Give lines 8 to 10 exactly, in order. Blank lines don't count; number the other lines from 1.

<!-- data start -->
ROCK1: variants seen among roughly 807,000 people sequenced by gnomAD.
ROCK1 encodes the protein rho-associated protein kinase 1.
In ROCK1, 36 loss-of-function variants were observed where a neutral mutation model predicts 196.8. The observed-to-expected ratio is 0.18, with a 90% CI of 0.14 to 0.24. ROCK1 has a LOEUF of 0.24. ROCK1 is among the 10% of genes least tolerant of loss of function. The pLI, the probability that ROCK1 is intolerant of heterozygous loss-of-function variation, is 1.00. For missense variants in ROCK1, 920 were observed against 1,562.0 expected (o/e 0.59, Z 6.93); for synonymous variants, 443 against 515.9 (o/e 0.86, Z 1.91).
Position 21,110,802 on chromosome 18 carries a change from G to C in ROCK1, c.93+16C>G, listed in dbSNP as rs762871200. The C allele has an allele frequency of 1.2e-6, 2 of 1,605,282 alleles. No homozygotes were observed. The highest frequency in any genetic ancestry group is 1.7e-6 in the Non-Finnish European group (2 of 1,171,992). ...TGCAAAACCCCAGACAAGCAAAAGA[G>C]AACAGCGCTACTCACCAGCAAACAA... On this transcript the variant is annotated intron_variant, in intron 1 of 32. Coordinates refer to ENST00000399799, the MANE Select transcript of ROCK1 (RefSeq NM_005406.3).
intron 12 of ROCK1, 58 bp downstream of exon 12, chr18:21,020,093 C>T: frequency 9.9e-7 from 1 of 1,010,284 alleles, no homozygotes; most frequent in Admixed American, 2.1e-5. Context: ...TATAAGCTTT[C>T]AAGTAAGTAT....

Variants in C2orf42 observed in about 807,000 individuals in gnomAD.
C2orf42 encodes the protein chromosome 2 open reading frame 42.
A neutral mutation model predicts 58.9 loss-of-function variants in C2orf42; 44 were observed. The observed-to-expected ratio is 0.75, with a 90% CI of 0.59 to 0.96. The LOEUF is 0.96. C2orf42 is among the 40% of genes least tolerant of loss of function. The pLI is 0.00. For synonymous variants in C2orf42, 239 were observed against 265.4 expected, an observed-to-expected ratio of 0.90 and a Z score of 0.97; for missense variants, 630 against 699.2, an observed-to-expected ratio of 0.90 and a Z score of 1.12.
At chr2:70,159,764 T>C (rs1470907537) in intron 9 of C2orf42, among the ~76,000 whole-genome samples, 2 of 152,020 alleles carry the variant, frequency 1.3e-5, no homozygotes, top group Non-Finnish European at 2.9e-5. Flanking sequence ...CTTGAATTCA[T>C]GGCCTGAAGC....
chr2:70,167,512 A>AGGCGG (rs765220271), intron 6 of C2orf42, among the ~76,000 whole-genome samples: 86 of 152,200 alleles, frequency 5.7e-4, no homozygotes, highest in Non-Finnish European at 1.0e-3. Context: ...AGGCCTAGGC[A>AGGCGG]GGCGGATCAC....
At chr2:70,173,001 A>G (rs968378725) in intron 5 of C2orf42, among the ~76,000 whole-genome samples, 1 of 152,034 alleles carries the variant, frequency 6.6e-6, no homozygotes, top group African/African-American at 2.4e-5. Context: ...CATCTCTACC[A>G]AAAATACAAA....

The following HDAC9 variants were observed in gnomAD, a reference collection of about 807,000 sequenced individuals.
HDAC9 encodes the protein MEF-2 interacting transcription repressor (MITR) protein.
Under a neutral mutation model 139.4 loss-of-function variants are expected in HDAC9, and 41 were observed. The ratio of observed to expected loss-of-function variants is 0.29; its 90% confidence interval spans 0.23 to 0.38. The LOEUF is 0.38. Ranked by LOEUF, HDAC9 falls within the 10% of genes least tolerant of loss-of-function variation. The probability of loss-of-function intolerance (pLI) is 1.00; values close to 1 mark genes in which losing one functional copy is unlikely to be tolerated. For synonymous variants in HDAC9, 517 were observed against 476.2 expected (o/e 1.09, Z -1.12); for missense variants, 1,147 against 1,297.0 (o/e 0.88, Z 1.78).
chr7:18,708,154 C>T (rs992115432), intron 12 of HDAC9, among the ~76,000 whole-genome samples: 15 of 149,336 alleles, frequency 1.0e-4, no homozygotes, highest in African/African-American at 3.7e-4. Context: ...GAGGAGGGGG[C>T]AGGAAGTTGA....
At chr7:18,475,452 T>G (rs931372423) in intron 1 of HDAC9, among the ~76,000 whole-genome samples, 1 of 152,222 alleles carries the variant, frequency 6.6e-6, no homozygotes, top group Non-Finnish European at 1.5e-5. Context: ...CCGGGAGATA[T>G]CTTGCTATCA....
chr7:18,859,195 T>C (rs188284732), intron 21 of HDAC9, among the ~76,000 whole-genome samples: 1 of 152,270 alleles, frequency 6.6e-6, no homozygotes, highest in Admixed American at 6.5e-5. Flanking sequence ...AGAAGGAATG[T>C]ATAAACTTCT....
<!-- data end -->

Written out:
A neutral mutation model predicts 58.9 loss-of-function variants in C2orf42; 44 were observed. The observed-to-expected ratio is 0.75, with a 90% CI of 0.59 to 0.96. The LOEUF is 0.96. C2orf42 is among the 40% of genes least tolerant of loss of function. The pLI is 0.00. For synonymous variants in C2orf42, 239 were observed against 265.4 expected, an observed-to-expected ratio of 0.90 and a Z score of 0.97; for missense variants, 630 against 699.2, an observed-to-expected ratio of 0.90 and a Z score of 1.12.
At chr2:70,159,764 T>C (rs1470907537) in intron 9 of C2orf42, among the ~76,000 whole-genome samples, 2 of 152,020 alleles carry the variant, frequency 1.3e-5, no homozygotes, top group Non-Finnish European at 2.9e-5. Flanking sequence ...CTTGAATTCA[T>C]GGCCTGAAGC....
chr2:70,167,512 A>AGGCGG (rs765220271), intron 6 of C2orf42, among the ~76,000 whole-genome samples: 86 of 152,200 alleles, frequency 5.7e-4, no homozygotes, highest in Non-Finnish European at 1.0e-3. Context: ...AGGCCTAGGC[A>AGGCGG]GGCGGATCAC....